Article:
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Recently Enacted Congressional Legislation Will Impact Healthcare Supply Chain

|Includes: iShares U.S. Pharmaceuticals ETF (IHE), XPH

President Obama signed the Drug Quality & Security Act (H.R. 3204) into law on November 27, 2013. The law was created as a response to the meningitis outbreak from contaminated steroid pain injections that was traced to the New England Compounding Center in Framingham, MA. While many have focused on the law's compounding elements, the bill also sets forth pedigree provisions that the healthcare supply chain have discussed for years. Below are a few highlights of the bill:

Compounding Summary: The bill allows the FDA to use a national standard while regulating facilities making adulterated, misbranded or unapproved products as well as allows the FDA to establish a list of drugs that may not be compounded for safety reasons. Compounders that mix sterile drugs without a prescription and ship across state lines can choose whether to register as an "outsourcing facility." The pharmacies that register would then be regulated by the FDA instead of a state board of pharmacy.

The Secretary would be required to coordinate communication between the FDA and the state boards of pharmacy about any concerns against a compounding pharmacy. Additionally, the Government Accountability Office shall issue a follow-up report to Congress 3 years after enactment on the regulation of compounding pharmacies.

Drug Pedigree Summary: This section sets forth drug tracing requirements for downstream pharmaceutical supply chain members including manufacturers, repackagers, distributors, and dispensers. Each time there is a change in ownership of a product, a document outlining the product's chain of custody must accompany the product. Once the product is serialized, manufacturers, wholesalers and repackagers must be able to respond to requests to verify the product at the unit level if there is suspect product at issue, while also being able to verify the product at unit level for saleable returns. Additionally, the legislation sets a 10 year timeframe for when supply chain entities must be compliant with the law. It also preempts state and local requirements related to drug pedigree and licensure of distributors and 3rd party logistics providers.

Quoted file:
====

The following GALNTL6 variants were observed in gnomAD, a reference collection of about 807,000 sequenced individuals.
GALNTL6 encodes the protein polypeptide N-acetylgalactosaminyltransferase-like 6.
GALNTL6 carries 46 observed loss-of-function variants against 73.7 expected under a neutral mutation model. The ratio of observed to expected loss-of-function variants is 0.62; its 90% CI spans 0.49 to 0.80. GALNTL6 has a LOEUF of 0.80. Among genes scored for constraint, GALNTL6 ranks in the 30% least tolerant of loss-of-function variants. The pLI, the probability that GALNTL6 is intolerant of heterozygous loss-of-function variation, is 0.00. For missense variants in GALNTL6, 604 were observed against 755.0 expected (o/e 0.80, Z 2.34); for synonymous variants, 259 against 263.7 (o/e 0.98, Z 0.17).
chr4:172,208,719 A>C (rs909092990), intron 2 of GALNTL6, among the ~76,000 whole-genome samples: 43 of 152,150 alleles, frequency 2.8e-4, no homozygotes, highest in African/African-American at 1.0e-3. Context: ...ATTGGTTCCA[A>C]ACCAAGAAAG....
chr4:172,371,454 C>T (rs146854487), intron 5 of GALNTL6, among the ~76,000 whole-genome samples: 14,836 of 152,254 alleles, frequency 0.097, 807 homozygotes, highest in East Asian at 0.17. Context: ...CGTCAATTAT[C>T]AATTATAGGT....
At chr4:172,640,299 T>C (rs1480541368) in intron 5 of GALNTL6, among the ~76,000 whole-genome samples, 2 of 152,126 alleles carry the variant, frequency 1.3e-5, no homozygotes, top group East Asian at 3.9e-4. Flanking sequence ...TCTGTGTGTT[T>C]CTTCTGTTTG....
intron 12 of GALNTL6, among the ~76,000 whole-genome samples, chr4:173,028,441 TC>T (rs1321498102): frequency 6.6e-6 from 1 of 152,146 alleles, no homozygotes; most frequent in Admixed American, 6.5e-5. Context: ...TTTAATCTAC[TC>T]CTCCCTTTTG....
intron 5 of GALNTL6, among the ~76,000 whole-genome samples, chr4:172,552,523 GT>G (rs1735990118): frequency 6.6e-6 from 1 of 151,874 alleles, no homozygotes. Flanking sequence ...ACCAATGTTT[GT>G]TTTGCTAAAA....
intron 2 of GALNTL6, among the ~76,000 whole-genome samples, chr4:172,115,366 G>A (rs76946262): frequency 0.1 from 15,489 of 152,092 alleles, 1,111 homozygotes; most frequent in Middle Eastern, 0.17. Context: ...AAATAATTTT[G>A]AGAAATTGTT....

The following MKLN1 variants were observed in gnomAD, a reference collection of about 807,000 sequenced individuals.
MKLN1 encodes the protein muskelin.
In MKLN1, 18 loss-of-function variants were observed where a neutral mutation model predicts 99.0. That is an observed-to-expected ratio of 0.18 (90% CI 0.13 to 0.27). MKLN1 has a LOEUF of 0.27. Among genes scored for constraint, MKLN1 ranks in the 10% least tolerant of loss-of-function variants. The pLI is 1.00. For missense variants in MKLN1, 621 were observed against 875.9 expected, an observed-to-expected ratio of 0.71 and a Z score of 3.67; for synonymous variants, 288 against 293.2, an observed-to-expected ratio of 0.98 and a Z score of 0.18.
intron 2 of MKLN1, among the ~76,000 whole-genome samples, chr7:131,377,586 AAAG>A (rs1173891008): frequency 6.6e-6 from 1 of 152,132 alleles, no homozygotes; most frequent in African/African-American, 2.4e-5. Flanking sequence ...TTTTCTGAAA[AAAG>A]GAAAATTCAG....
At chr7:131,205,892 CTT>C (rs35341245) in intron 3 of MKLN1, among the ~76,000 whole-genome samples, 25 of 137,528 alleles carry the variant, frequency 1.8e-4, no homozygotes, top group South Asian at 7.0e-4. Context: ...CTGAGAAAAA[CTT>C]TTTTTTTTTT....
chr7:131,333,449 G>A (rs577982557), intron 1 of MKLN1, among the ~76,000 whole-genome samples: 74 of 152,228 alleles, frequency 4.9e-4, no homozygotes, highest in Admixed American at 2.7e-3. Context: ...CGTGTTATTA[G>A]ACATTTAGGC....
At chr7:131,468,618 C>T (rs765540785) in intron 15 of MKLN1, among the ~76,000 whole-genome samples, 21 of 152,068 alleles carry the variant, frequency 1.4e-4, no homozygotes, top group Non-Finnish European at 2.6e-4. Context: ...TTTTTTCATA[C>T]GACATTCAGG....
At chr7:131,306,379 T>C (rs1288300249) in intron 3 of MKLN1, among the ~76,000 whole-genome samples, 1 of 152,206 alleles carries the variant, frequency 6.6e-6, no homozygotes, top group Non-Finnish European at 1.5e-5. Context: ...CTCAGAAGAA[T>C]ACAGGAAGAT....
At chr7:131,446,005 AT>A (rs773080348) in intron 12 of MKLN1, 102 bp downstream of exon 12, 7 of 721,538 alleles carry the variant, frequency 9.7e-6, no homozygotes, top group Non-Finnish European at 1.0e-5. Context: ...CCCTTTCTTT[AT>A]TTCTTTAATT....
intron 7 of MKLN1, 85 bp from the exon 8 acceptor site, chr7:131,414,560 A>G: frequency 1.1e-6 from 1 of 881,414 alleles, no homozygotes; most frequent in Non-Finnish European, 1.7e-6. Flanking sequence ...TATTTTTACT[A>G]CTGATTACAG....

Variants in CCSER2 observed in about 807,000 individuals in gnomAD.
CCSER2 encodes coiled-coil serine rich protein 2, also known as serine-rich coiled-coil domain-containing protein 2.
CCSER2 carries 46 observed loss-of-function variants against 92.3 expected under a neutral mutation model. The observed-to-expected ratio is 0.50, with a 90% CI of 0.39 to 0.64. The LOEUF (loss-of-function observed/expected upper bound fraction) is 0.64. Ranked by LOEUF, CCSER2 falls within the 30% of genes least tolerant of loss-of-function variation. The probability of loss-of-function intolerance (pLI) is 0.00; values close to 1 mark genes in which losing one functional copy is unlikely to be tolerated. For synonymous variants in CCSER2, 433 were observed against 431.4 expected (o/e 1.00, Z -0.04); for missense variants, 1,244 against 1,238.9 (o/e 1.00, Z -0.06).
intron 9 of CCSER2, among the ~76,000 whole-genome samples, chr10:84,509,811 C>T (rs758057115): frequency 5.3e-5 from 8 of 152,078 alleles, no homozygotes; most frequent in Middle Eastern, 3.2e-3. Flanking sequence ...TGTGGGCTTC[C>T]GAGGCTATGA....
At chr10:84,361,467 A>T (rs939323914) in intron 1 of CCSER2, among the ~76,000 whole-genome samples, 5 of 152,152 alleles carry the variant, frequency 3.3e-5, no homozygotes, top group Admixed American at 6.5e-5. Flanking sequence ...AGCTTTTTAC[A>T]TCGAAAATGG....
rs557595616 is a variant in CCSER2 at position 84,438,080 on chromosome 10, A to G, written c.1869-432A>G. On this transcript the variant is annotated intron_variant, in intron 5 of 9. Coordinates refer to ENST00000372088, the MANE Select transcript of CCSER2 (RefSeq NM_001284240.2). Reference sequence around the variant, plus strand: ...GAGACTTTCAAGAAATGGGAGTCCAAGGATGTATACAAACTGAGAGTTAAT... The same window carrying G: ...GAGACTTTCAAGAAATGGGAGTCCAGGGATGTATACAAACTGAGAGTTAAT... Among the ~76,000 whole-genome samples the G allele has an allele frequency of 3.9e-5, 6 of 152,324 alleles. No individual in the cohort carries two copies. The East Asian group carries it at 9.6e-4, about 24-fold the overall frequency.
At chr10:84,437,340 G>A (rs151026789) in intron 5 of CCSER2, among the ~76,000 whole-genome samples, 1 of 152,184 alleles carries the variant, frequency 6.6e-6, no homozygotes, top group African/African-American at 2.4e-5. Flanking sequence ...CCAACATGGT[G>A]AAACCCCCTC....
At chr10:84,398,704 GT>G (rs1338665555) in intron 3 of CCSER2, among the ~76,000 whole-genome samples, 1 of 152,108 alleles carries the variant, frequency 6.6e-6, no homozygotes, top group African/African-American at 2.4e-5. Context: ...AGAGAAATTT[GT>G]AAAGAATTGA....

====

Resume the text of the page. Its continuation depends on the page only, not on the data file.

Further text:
Drug pedigree has been a contentious issue throughout the healthcare supply chain for over 25 years, with commitment to technological advances being the main holdup. It is still surprising to many industry insiders that regardless of Congress' divisive environment; such an important issue was addressed. It is even more surprising that it took a catalyst such as the unfortunate event in Framingham, MA to make this bill a reality.

This information is useful if you are an investor seeking exposure to the healthcare industry via exchange traded funds such as the iShares Dow Jones US Pharmaceuticals Index Fund (NYSEARCA:IHE) or the SPDR S&P Pharmaceuticals ETF (NYSEARCA:XPH).

Disclosure: I have no positions in any stocks mentioned, and no plans to initiate any positions within the next 72 hours.